Who maintains the seized assets?
When property is seized, maintaining them is the investigating agency’s responsibility, if it plans to sell them later at the right price to recover money. Maintaining seized property is a problem even the government is trying to find a solution to.
When can the government sell these assets?
The assets seized can’t be sold by the investigating agency till the accused is convicted by a court. That’s not all — the process itself has delay built into it. It involves, firstly, attaching assets, which is provisional, followed by producing papers before the adjudicating authority (under the finance ministry’s revenue department), followed further by an appeal by the accused, for which he/she can take upto 150 days and that’s assuming the ruling is in ED’s favour, after which the ED takes possession of assets if the accused loses appeal in Appellate Tribunal and then wait for the accused to be convicted by the Supreme Court, after the case has gone through all the lower courts, before the ED can finally sell the assets.
Which state has the highest number of immovable property attached by ED?
Although latest data is not available, on its website ED has posted a list of 1,051 confirmed attached immovable property whose provisional attachment order were issued between 2007 and 2013. The largest number of these properties whose attachment was confirmed by relevant adjudicating authority as mentioned in the PMLA were located in Andhra Pradesh, which is followed by Maharashtra and West Bengal.
NEW DELHI: It was a hyperactive year for Enforcement Directorate in 2019 when the agency had in its custody some of the most high profile persons like former finance minister P Chidambaram, former Karnataka minister D K Shivakumar, Fortis Healthcare promoter Malvinder Singh and Religare CMD Sunil Godhwani in various cases. It also succeeded in getting three fugitives deported from Dubai -- British national Christian Michel and Dubai resident Rajiv Saxena, wanted in the AgustaWestland VVIP chopper payoffs deal, and corporate lobbyist Deepak Talwar, in the Air India money laundering case.
The agency also interrogated Bhushan Steel CMD Sanjay Singhal and Madhya Pradesh CM Kamal Nath’s nephew Ratul Puri. The agency’s ongoing money laundering cases against Robert Vadra, son-in-law of Congress president Sonia Gandhi, also moved forward. The agency has approached courts seeking cancellation of his anticipatory bail, seeking custodial interrogation. The ED has accused Vadra of links to fugitive defence dealer Sanjay Bhandari and claimed the latter, along with Rajiv Saxena, received payoffs in three defence deals — Embraer, Pilatus and AgustaWetland. In the Swiss Pilatus aircraft deal, ED alleged that kickbacks of 39,527,070 Swiss Franc (around Rs 254 crore) was transferred to Sanjay Bhandari in his Dubai accounts. The 75 aircraft Pilatus deal was signed by UPA government in 2009-10. After the AgustaWestland VVIP chopper deal, this was the second big defence contract under ED investigation.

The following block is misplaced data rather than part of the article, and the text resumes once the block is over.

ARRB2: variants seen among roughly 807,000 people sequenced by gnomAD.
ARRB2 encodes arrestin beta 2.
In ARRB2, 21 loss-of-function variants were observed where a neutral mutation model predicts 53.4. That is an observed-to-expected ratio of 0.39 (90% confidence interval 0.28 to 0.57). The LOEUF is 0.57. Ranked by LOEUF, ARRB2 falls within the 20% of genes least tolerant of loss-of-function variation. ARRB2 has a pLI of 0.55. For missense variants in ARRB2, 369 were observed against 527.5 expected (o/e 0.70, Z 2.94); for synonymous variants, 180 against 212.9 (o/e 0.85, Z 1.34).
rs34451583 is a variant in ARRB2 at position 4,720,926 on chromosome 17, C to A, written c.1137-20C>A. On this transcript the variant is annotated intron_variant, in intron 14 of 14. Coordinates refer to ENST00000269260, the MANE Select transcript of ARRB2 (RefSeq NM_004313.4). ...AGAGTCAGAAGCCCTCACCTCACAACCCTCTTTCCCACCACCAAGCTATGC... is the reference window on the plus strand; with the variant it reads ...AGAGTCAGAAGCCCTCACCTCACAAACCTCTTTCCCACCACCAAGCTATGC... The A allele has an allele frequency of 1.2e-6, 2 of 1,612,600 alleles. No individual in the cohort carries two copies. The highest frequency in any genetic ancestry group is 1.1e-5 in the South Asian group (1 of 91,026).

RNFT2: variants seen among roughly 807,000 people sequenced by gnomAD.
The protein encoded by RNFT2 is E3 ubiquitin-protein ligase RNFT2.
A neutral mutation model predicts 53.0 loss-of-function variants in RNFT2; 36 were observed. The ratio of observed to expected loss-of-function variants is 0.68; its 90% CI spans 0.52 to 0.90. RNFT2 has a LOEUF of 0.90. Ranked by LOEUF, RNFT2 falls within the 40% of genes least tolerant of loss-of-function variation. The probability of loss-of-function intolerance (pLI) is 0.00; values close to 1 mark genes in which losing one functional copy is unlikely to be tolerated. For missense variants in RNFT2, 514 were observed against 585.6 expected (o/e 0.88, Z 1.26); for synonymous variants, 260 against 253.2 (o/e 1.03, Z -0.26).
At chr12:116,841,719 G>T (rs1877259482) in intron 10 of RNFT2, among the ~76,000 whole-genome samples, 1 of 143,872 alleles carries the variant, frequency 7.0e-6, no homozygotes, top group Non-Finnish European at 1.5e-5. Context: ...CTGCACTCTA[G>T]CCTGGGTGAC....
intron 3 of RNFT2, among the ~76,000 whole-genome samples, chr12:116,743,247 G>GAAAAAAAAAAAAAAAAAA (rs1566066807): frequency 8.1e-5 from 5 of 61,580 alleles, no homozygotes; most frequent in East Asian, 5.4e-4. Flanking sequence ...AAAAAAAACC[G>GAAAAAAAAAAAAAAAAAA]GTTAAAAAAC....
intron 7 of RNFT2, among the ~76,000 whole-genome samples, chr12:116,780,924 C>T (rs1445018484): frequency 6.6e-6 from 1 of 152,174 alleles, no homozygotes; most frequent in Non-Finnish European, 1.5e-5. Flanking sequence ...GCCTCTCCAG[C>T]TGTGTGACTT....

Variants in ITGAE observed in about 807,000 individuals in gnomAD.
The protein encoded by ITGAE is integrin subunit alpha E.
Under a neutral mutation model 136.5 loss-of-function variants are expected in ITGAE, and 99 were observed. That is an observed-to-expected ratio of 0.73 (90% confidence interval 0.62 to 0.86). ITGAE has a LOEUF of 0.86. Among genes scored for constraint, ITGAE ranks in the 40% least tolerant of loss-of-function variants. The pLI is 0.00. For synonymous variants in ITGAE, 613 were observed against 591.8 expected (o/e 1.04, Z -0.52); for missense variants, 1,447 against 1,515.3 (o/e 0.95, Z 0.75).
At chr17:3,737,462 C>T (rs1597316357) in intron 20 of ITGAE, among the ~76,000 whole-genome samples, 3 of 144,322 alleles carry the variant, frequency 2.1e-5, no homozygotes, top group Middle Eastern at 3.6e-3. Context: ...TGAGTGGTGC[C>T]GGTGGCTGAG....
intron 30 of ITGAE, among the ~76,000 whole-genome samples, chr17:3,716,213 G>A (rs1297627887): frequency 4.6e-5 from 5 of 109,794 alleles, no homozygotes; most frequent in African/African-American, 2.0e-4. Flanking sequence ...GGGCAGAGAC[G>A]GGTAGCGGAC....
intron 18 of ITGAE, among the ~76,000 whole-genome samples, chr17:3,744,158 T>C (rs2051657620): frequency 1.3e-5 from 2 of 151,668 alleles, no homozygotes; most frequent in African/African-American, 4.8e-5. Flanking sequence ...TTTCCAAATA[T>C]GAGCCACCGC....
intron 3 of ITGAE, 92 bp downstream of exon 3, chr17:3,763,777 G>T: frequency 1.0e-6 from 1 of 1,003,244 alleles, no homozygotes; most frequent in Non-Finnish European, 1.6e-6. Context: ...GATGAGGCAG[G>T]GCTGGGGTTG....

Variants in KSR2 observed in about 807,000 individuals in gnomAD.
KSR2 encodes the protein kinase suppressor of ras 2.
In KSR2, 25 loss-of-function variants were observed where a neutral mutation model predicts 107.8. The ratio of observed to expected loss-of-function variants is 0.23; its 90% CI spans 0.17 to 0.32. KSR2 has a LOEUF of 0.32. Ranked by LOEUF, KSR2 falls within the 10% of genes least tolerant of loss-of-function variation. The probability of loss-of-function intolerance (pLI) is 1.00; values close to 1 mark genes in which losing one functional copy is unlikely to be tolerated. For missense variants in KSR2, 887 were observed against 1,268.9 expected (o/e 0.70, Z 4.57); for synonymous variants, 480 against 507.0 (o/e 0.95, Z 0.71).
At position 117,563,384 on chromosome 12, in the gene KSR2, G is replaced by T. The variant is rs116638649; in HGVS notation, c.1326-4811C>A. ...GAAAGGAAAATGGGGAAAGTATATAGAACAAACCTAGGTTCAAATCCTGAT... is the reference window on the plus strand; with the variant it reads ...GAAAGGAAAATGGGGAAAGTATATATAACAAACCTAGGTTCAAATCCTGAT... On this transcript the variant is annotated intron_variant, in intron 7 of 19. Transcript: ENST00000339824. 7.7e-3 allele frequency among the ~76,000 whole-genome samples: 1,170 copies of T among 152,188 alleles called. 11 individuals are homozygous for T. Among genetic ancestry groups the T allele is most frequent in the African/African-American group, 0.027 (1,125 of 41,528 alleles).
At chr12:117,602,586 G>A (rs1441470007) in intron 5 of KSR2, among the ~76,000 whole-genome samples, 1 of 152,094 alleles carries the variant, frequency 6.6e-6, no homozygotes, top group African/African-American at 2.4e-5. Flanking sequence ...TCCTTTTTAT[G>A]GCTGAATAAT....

The agency has in its investigation reports accused certain Dubai-based shell companies of having received money from Bhandari which was further used to acquire properties in London allegedly by Vadra and his front entities.
But the agency hogged headlines when it arrested Chidambaram in the INX-Media money laundering case in October, after he had already spent 55 days in CBI and judicial custody in the same case. The senior Congress leader got relief from courts after 106 days in custody. The agencies claimed that shell companies associated with his son Karti received kickbacks from INX-Media and Aircel-Maxis besides others in lieu of favours granted by Chidambaram when he was the FM.
Just before Chidambaram’s arrest, ED had in September acted against D K Shivakumar, former Karnataka minister and senior Congress leader, at the forefront of action to protect party MLAs from Gujarat from being poached by BJP. This was when senior party leader Ahmed Patel was contesting a crucial Rajya Sabha poll. The ED investigation in a case involving Sterling Biotech and alleged money laundering to the tune of Rs 10,000 crore was another important case.
Corporate lobbyist Deepak Talwar, deported from Dubai, and still in custody for almost an year, is considered an important catch for the agency which, along with the CBI, has been probing the involvement of former civil aviation minister Praful Patel and some top bureaucrats during the previous UPA regime for alleged kickbacks and money laundering.
The ED’s investigation over the last two years has revealed that Talwar had received alleged kickbacks of over Rs 370 crore disguised as consultancy fees and donation to his NGO from foreign airlines for illegally benefitting them by using his contacts with the then civil aviation minister and senior bureaucrats withdrawing Air India’s services from profitable routes.